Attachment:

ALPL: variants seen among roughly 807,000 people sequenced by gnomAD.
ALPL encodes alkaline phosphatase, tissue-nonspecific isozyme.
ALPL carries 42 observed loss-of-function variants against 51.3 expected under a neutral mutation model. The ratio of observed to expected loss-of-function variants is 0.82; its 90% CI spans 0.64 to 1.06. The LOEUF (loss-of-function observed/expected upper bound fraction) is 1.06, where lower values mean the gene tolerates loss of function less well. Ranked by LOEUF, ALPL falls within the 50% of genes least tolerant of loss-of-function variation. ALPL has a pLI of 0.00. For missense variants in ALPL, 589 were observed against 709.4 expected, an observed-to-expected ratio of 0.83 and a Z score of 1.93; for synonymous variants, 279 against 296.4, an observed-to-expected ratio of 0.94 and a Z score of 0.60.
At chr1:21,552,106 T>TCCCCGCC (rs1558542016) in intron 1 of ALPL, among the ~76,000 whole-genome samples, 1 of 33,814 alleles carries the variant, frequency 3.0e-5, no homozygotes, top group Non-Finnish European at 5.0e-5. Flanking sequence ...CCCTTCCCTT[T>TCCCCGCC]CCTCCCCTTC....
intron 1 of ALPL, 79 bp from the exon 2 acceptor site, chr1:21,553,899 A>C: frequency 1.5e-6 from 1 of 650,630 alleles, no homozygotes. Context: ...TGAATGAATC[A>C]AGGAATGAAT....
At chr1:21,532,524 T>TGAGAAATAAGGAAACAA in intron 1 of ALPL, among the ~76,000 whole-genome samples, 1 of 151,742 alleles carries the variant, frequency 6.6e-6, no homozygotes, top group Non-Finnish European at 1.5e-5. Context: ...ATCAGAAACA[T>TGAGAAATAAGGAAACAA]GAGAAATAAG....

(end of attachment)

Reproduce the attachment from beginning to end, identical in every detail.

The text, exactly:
ALPL: variants seen among roughly 807,000 people sequenced by gnomAD.
ALPL encodes alkaline phosphatase, tissue-nonspecific isozyme.
ALPL carries 42 observed loss-of-function variants against 51.3 expected under a neutral mutation model. The ratio of observed to expected loss-of-function variants is 0.82; its 90% CI spans 0.64 to 1.06. The LOEUF (loss-of-function observed/expected upper bound fraction) is 1.06, where lower values mean the gene tolerates loss of function less well. Ranked by LOEUF, ALPL falls within the 50% of genes least tolerant of loss-of-function variation. ALPL has a pLI of 0.00. For missense variants in ALPL, 589 were observed against 709.4 expected, an observed-to-expected ratio of 0.83 and a Z score of 1.93; for synonymous variants, 279 against 296.4, an observed-to-expected ratio of 0.94 and a Z score of 0.60.
At chr1:21,552,106 T>TCCCCGCC (rs1558542016) in intron 1 of ALPL, among the ~76,000 whole-genome samples, 1 of 33,814 alleles carries the variant, frequency 3.0e-5, no homozygotes, top group Non-Finnish European at 5.0e-5. Flanking sequence ...CCCTTCCCTT[T>TCCCCGCC]CCTCCCCTTC....
intron 1 of ALPL, 79 bp from the exon 2 acceptor site, chr1:21,553,899 A>C: frequency 1.5e-6 from 1 of 650,630 alleles, no homozygotes. Context: ...TGAATGAATC[A>C]AGGAATGAAT....
At chr1:21,532,524 T>TGAGAAATAAGGAAACAA in intron 1 of ALPL, among the ~76,000 whole-genome samples, 1 of 151,742 alleles carries the variant, frequency 6.6e-6, no homozygotes, top group Non-Finnish European at 1.5e-5. Context: ...ATCAGAAACA[T>TGAGAAATAAGGAAACAA]GAGAAATAAG....